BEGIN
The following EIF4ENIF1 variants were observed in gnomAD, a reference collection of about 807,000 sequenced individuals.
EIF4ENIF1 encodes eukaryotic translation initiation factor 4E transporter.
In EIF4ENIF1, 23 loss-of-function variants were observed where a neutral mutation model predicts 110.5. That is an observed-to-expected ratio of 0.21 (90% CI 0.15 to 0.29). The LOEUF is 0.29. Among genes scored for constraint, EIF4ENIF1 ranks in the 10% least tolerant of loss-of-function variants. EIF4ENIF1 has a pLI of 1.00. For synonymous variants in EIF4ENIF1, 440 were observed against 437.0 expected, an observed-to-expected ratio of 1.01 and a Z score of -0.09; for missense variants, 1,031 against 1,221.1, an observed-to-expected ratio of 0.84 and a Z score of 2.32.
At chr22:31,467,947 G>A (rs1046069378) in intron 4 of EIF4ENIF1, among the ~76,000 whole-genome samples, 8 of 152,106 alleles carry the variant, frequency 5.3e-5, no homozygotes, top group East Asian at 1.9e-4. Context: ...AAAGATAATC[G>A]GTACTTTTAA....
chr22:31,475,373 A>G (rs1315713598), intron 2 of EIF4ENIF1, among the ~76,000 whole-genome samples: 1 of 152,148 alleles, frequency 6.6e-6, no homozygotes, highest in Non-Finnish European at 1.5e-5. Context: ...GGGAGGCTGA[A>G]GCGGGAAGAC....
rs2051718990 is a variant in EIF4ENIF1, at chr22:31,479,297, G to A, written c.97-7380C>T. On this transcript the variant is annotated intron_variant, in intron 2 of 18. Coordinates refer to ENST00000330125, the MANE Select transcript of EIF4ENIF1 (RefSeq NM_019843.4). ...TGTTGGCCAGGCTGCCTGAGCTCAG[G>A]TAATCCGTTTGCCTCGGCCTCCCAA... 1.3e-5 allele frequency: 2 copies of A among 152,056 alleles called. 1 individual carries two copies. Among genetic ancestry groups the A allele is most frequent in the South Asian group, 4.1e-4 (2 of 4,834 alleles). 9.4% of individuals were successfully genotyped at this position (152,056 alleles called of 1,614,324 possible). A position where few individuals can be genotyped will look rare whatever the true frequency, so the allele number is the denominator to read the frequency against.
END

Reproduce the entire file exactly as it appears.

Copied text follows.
The following EIF4ENIF1 variants were observed in gnomAD, a reference collection of about 807,000 sequenced individuals.
EIF4ENIF1 encodes eukaryotic translation initiation factor 4E transporter.
In EIF4ENIF1, 23 loss-of-function variants were observed where a neutral mutation model predicts 110.5. That is an observed-to-expected ratio of 0.21 (90% CI 0.15 to 0.29). The LOEUF is 0.29. Among genes scored for constraint, EIF4ENIF1 ranks in the 10% least tolerant of loss-of-function variants. EIF4ENIF1 has a pLI of 1.00. For synonymous variants in EIF4ENIF1, 440 were observed against 437.0 expected, an observed-to-expected ratio of 1.01 and a Z score of -0.09; for missense variants, 1,031 against 1,221.1, an observed-to-expected ratio of 0.84 and a Z score of 2.32.
At chr22:31,467,947 G>A (rs1046069378) in intron 4 of EIF4ENIF1, among the ~76,000 whole-genome samples, 8 of 152,106 alleles carry the variant, frequency 5.3e-5, no homozygotes, top group East Asian at 1.9e-4. Context: ...AAAGATAATC[G>A]GTACTTTTAA....
chr22:31,475,373 A>G (rs1315713598), intron 2 of EIF4ENIF1, among the ~76,000 whole-genome samples: 1 of 152,148 alleles, frequency 6.6e-6, no homozygotes, highest in Non-Finnish European at 1.5e-5. Context: ...GGGAGGCTGA[A>G]GCGGGAAGAC....
rs2051718990 is a variant in EIF4ENIF1, at chr22:31,479,297, G to A, written c.97-7380C>T. On this transcript the variant is annotated intron_variant, in intron 2 of 18. Coordinates refer to ENST00000330125, the MANE Select transcript of EIF4ENIF1 (RefSeq NM_019843.4). ...TGTTGGCCAGGCTGCCTGAGCTCAG[G>A]TAATCCGTTTGCCTCGGCCTCCCAA... 1.3e-5 allele frequency: 2 copies of A among 152,056 alleles called. 1 individual carries two copies. Among genetic ancestry groups the A allele is most frequent in the South Asian group, 4.1e-4 (2 of 4,834 alleles). 9.4% of individuals were successfully genotyped at this position (152,056 alleles called of 1,614,324 possible). A position where few individuals can be genotyped will look rare whatever the true frequency, so the allele number is the denominator to read the frequency against.